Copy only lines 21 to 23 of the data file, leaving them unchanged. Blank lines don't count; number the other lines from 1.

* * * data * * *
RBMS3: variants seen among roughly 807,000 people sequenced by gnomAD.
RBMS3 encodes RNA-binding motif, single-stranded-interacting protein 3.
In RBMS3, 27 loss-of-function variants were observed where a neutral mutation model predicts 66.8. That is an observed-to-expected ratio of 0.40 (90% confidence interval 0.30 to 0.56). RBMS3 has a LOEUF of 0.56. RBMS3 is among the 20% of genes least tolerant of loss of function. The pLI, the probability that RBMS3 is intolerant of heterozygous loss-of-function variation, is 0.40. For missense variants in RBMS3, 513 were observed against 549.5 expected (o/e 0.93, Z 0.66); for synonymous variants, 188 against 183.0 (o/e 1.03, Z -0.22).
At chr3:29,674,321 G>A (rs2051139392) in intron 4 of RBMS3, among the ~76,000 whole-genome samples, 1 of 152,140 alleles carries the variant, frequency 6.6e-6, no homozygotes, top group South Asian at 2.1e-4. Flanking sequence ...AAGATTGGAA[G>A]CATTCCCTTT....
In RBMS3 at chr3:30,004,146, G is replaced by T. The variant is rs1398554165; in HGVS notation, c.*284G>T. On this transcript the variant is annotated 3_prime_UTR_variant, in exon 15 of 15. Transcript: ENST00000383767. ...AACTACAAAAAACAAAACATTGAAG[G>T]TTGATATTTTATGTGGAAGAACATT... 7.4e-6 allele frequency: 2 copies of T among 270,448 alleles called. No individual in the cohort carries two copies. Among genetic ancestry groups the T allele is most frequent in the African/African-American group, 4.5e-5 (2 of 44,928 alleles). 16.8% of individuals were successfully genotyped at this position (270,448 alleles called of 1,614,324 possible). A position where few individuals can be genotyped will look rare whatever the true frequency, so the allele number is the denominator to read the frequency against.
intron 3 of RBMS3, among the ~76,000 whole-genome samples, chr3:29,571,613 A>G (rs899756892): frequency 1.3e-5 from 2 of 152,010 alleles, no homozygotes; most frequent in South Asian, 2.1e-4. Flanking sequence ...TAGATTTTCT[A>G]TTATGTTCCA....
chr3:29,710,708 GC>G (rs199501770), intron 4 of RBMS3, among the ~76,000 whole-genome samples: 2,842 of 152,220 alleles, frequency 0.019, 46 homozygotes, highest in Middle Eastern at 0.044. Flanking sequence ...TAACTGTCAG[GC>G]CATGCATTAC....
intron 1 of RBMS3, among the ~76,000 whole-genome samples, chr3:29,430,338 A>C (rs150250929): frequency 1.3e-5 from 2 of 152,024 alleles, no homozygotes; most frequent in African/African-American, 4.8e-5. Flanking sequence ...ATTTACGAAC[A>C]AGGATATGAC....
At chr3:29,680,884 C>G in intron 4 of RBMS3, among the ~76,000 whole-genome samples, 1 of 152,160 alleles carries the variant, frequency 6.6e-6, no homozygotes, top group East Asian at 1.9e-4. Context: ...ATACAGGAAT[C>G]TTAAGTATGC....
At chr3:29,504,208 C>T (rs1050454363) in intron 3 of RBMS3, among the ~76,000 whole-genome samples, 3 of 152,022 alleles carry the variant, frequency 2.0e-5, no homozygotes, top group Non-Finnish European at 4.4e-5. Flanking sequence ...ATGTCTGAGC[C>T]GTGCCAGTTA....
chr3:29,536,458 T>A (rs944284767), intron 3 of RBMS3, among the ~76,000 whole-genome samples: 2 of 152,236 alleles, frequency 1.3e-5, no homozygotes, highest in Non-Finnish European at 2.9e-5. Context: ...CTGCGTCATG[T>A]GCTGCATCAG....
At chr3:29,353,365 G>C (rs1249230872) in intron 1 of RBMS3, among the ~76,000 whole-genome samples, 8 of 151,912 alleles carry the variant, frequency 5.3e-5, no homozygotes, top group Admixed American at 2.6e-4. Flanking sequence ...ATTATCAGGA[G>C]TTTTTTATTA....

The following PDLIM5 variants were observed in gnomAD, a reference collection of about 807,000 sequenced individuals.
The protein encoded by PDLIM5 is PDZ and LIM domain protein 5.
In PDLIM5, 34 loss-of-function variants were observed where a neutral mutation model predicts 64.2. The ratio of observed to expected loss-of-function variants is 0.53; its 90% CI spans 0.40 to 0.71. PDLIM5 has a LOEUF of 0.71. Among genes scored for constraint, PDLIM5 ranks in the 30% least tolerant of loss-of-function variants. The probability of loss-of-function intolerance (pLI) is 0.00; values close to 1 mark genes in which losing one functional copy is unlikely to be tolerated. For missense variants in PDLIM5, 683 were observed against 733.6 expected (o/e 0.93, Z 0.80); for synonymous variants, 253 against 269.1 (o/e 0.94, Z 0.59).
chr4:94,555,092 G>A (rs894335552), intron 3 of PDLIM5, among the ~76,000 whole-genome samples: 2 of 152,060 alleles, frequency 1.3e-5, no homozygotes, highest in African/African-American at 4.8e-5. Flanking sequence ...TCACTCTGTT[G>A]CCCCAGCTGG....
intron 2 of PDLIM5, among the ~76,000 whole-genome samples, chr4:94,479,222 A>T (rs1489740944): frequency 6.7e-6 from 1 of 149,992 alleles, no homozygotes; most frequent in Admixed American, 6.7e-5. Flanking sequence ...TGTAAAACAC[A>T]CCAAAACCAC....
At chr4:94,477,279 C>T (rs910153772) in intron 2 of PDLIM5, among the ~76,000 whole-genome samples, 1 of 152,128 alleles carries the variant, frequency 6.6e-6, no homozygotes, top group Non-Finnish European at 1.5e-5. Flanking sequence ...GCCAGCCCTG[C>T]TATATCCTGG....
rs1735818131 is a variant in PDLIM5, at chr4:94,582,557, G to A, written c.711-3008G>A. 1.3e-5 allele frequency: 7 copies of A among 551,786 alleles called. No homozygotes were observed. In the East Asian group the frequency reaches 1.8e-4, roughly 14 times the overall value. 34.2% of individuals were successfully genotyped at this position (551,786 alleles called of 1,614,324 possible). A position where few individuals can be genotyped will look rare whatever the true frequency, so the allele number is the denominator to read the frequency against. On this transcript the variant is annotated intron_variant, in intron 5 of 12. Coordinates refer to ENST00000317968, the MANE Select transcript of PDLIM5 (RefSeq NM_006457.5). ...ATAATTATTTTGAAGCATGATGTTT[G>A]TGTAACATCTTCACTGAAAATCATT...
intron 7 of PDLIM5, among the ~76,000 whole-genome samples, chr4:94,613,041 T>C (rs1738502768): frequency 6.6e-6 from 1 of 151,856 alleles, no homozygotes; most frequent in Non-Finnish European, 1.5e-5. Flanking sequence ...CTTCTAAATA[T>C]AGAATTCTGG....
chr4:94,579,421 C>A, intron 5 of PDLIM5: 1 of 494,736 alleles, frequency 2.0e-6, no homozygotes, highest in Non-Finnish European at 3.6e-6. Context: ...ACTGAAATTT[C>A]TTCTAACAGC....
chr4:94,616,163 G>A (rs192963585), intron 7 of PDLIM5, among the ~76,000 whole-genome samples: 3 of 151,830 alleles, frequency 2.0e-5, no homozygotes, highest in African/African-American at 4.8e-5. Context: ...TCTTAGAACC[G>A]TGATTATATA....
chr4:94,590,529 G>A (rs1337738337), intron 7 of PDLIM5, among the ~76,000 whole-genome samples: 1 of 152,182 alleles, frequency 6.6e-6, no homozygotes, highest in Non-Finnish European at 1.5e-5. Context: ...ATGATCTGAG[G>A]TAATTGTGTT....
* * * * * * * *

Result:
chr4:94,579,421 C>A, intron 5 of PDLIM5: 1 of 494,736 alleles, frequency 2.0e-6, no homozygotes, highest in Non-Finnish European at 3.6e-6. Context: ...ACTGAAATTT[C>A]TTCTAACAGC....
chr4:94,616,163 G>A (rs192963585), intron 7 of PDLIM5, among the ~76,000 whole-genome samples: 3 of 151,830 alleles, frequency 2.0e-5, no homozygotes, highest in African/African-American at 4.8e-5. Context: ...TCTTAGAACC[G>A]TGATTATATA....
chr4:94,590,529 G>A (rs1337738337), intron 7 of PDLIM5, among the ~76,000 whole-genome samples: 1 of 152,182 alleles, frequency 6.6e-6, no homozygotes, highest in Non-Finnish European at 1.5e-5. Context: ...ATGATCTGAG[G>A]TAATTGTGTT....